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David Robinson: Trying to make sense of conflicting employment data

Gary Keith is like most of us. He looks around and sees the construction, the new downtown apartments in renovated buildings, the restaurants opening up.

His gut tells him the Buffalo Niagara economy is on an upswing.

But Keith also is M&T Bank’s regional economist in Buffalo. Like any good economist, Keith likes to have statistics that can back this feeling up.

The trouble is, the most recent economic data doesn’t match what Keith and most of the rest of us are seeing.

And that has Keith feeling frustrated.

“I’m a data guy, and I just scratch my head,” Keith said.

What has Keith scratching his head are the region’s job numbers.

The most timely set of numbers, which came out earlier this month and track the job market through May, say hiring is lukewarm, at best. Those numbers, which come from the state Labor Department and the U.S. Bureau of Labor Statistics, say we’re adding jobs this year at the same tepid pace that we did in 2012 ... and 2013 ... and 2014 ... and 2015.

But there’s another set of numbers, which are based on more extensive Census data, and those tell a much different story.

They say job growth in the Buffalo Niagara region accelerated last year, steadily gaining steam as the year went on. According to those numbers, job growth has picked up during each of the last two years, with hiring during 2015 running at more than twice the pace it did during 2013.

Those numbers are based on a bigger and better statistical sample, so Keith and other economists say they’re probably more accurate.

Their big drawback: They’re not as timely as the other numbers, running about six months behind. So those numbers only go through December, which leaves a big void for the first half of this year, especially when you consider that the more timely set of data seems to be off.

“I don’t have much to work with here,” Keith said. “The real-time outlook that we have is pretty cloudy.”

And that’s a problem. The employment numbers are one of the most important pieces of economic data that’s available, not only because how many jobs there are is a huge part of the economy, but also because it’s one of the few local statistics available on a timely basis.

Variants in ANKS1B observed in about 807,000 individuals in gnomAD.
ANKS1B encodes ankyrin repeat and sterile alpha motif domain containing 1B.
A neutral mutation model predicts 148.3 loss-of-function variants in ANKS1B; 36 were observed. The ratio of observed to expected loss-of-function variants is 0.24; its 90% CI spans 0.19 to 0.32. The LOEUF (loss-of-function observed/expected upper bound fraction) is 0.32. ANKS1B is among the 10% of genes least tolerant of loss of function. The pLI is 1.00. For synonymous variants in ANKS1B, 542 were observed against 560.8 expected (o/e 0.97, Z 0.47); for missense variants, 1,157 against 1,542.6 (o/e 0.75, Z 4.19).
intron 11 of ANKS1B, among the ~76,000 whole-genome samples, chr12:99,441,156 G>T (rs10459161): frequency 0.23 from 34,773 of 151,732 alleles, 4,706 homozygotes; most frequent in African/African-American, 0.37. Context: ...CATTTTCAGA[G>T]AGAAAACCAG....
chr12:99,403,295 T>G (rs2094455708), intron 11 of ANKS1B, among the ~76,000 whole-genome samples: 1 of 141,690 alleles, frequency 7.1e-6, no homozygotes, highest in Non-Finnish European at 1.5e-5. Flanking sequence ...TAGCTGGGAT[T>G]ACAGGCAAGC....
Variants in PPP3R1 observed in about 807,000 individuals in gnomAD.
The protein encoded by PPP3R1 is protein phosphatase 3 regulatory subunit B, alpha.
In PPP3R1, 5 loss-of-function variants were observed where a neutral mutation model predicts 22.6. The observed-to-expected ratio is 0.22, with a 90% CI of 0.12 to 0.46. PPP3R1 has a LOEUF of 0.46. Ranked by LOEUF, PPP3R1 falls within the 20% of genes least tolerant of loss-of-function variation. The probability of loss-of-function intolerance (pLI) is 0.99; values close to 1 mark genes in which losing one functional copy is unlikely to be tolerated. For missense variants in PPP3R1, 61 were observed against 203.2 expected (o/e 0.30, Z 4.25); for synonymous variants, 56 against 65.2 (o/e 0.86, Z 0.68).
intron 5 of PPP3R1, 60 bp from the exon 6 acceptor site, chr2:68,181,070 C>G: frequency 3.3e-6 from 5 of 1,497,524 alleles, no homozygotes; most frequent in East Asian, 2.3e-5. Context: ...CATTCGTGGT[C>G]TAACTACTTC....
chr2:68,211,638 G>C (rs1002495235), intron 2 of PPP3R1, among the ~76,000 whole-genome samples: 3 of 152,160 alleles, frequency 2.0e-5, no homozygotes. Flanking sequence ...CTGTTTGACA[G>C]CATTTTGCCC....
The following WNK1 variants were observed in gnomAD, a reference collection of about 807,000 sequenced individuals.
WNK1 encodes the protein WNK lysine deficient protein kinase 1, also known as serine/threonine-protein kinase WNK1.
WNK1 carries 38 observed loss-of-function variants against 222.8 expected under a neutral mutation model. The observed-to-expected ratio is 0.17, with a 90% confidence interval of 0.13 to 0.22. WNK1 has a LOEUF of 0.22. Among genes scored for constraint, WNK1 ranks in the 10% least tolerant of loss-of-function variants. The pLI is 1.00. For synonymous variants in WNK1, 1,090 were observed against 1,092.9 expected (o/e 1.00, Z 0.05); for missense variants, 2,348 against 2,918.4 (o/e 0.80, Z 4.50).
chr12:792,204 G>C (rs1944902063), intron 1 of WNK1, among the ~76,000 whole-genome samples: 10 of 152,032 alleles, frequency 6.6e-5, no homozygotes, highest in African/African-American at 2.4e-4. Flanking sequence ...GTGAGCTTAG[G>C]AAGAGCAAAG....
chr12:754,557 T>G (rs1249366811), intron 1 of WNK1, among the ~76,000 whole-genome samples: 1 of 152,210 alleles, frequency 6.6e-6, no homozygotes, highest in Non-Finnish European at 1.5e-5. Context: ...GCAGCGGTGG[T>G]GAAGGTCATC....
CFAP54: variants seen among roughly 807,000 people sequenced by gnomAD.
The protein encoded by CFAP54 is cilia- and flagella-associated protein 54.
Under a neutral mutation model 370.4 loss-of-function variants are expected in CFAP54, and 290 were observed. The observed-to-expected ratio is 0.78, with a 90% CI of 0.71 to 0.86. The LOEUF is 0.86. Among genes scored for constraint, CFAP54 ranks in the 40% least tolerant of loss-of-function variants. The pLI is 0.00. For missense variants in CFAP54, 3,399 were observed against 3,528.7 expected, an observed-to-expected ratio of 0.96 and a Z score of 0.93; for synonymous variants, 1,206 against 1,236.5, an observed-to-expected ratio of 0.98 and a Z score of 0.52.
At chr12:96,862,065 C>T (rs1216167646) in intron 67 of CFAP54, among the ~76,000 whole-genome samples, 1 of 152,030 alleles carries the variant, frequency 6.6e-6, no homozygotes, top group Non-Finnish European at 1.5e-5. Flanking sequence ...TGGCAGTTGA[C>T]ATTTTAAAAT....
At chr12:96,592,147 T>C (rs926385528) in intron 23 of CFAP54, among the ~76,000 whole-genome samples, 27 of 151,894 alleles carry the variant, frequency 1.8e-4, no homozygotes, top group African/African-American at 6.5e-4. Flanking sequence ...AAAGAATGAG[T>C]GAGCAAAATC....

So we’re forced to make do, trying to reconcile two sets of numbers telling two very different stories.

One set says the region has added just 3,600 jobs since May 2015 – an annualized growth rate of 0.6 percent that is just a third of the nationwide pace for job creation. Those numbers even say the region lost about 700 jobs during December – a finding that drew widespread guffaws from economists.

The other set, which came out earlier this month, says that December job loss didn’t happen. In fact, it says job growth was a fairly robust 1.2 percent during December, with the region adding almost 6,600 jobs over the course of 2015. But they don’t shed any light on what’s been happening this year.

That forces economists to guess – and trust their gut instincts – when they try to figure out what the job market is doing right now.

John Slenker, the labor department’s regional economist, thinks the monthly job numbers are understating the pace of local hiring, just as they overstated it last year when those figures said job growth was running at its fastest pace in a quarter century.

Those monthly numbers were revised in early March, using the very same Census data that is the basis for the second, less timely set of job numbers. But that revision only went through the September 2015 numbers, leaving the surprisingly weak fourth-quarter data in place until those figures – and everything that has come out since then – are revised in March 2017.

Slenker expected the Census data to show that the fourth quarter was much stronger than the initial data indicated, and that’s exactly what happened. His guess is that job growth this year is noticeably stronger than the most-current numbers suggest. Instead of job growth running around 0.6 percent this year, he thinks it’s probably closer to 1 percent.

“December should have been much stronger than it was. That leads into January,” Slenker said. “So for that reason, I think the numbers for this year are underestimated.”

Keith says his gut also says to trust the Census numbers – and their higher year-end growth rate – with the expectation that the trend has continued into this year.

Buffalo’s not alone, either. The numbers show the same disparity in Albany, Syracuse and Rochester – and in each of those metro areas, the May data says that they’ve lost jobs over the past year.

In that statistical environment, the Buffalo Niagara region’s 0.6 percent job growth looks good, even if it is understated.

“I’m a lot more confident now,” Keith said. “The story about Buffalo being in a better place than we’ve been is still in place.”